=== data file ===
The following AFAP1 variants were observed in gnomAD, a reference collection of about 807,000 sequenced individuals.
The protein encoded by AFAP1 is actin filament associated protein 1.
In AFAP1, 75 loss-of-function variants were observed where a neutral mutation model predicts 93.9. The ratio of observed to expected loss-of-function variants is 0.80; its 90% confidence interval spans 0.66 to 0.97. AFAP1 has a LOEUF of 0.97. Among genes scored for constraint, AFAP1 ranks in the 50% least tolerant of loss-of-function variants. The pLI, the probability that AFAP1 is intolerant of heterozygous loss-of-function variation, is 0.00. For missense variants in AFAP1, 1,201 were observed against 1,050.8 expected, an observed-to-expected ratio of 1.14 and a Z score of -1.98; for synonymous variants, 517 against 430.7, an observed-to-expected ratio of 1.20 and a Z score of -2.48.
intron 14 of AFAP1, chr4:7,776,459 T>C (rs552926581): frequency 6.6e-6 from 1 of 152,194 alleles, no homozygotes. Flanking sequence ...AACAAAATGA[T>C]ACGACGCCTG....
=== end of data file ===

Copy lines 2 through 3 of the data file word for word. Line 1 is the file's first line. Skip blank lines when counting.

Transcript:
The protein encoded by AFAP1 is actin filament associated protein 1.
In AFAP1, 75 loss-of-function variants were observed where a neutral mutation model predicts 93.9. The ratio of observed to expected loss-of-function variants is 0.80; its 90% confidence interval spans 0.66 to 0.97. AFAP1 has a LOEUF of 0.97. Among genes scored for constraint, AFAP1 ranks in the 50% least tolerant of loss-of-function variants. The pLI, the probability that AFAP1 is intolerant of heterozygous loss-of-function variation, is 0.00. For missense variants in AFAP1, 1,201 were observed against 1,050.8 expected, an observed-to-expected ratio of 1.14 and a Z score of -1.98; for synonymous variants, 517 against 430.7, an observed-to-expected ratio of 1.20 and a Z score of -2.48.